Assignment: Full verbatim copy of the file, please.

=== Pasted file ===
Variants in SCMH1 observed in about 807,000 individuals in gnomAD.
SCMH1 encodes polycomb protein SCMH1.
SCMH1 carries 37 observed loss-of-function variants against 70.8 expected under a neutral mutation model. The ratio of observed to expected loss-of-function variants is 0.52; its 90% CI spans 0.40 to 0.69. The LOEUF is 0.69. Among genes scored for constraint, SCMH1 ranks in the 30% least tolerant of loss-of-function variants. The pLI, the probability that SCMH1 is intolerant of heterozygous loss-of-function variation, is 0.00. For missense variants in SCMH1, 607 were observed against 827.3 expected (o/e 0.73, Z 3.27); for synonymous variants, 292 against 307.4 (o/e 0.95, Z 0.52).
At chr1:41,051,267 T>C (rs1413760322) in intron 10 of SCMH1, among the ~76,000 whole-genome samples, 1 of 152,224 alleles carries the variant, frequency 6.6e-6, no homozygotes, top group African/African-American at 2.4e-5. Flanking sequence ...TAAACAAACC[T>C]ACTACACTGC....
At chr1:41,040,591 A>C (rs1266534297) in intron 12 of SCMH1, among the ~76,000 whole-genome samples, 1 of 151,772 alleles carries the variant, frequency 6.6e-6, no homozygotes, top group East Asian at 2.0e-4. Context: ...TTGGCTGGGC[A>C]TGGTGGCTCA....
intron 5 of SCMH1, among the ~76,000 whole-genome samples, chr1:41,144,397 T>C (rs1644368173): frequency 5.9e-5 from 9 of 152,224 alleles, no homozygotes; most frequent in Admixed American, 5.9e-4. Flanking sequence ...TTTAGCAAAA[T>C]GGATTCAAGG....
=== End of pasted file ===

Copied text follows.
Variants in SCMH1 observed in about 807,000 individuals in gnomAD.
SCMH1 encodes polycomb protein SCMH1.
SCMH1 carries 37 observed loss-of-function variants against 70.8 expected under a neutral mutation model. The ratio of observed to expected loss-of-function variants is 0.52; its 90% CI spans 0.40 to 0.69. The LOEUF is 0.69. Among genes scored for constraint, SCMH1 ranks in the 30% least tolerant of loss-of-function variants. The pLI, the probability that SCMH1 is intolerant of heterozygous loss-of-function variation, is 0.00. For missense variants in SCMH1, 607 were observed against 827.3 expected (o/e 0.73, Z 3.27); for synonymous variants, 292 against 307.4 (o/e 0.95, Z 0.52).
At chr1:41,051,267 T>C (rs1413760322) in intron 10 of SCMH1, among the ~76,000 whole-genome samples, 1 of 152,224 alleles carries the variant, frequency 6.6e-6, no homozygotes, top group African/African-American at 2.4e-5. Flanking sequence ...TAAACAAACC[T>C]ACTACACTGC....
At chr1:41,040,591 A>C (rs1266534297) in intron 12 of SCMH1, among the ~76,000 whole-genome samples, 1 of 151,772 alleles carries the variant, frequency 6.6e-6, no homozygotes, top group East Asian at 2.0e-4. Context: ...TTGGCTGGGC[A>C]TGGTGGCTCA....
intron 5 of SCMH1, among the ~76,000 whole-genome samples, chr1:41,144,397 T>C (rs1644368173): frequency 5.9e-5 from 9 of 152,224 alleles, no homozygotes; most frequent in Admixed American, 5.9e-4. Flanking sequence ...TTTAGCAAAA[T>C]GGATTCAAGG....